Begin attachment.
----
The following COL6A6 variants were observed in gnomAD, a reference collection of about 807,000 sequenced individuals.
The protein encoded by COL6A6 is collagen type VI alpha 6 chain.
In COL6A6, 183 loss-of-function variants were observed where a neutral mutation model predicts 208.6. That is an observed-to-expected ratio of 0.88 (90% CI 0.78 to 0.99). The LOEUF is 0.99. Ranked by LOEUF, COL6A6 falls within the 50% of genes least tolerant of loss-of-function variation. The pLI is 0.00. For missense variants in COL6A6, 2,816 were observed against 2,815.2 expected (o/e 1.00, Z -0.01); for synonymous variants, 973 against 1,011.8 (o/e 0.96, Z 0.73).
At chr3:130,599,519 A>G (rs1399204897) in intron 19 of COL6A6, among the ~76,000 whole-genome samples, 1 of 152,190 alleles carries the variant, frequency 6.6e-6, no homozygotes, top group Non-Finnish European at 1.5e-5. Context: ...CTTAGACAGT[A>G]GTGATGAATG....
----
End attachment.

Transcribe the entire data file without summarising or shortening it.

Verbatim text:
The following COL6A6 variants were observed in gnomAD, a reference collection of about 807,000 sequenced individuals.
The protein encoded by COL6A6 is collagen type VI alpha 6 chain.
In COL6A6, 183 loss-of-function variants were observed where a neutral mutation model predicts 208.6. That is an observed-to-expected ratio of 0.88 (90% CI 0.78 to 0.99). The LOEUF is 0.99. Ranked by LOEUF, COL6A6 falls within the 50% of genes least tolerant of loss-of-function variation. The pLI is 0.00. For missense variants in COL6A6, 2,816 were observed against 2,815.2 expected (o/e 1.00, Z -0.01); for synonymous variants, 973 against 1,011.8 (o/e 0.96, Z 0.73).
At chr3:130,599,519 A>G (rs1399204897) in intron 19 of COL6A6, among the ~76,000 whole-genome samples, 1 of 152,190 alleles carries the variant, frequency 6.6e-6, no homozygotes, top group Non-Finnish European at 1.5e-5. Context: ...CTTAGACAGT[A>G]GTGATGAATG....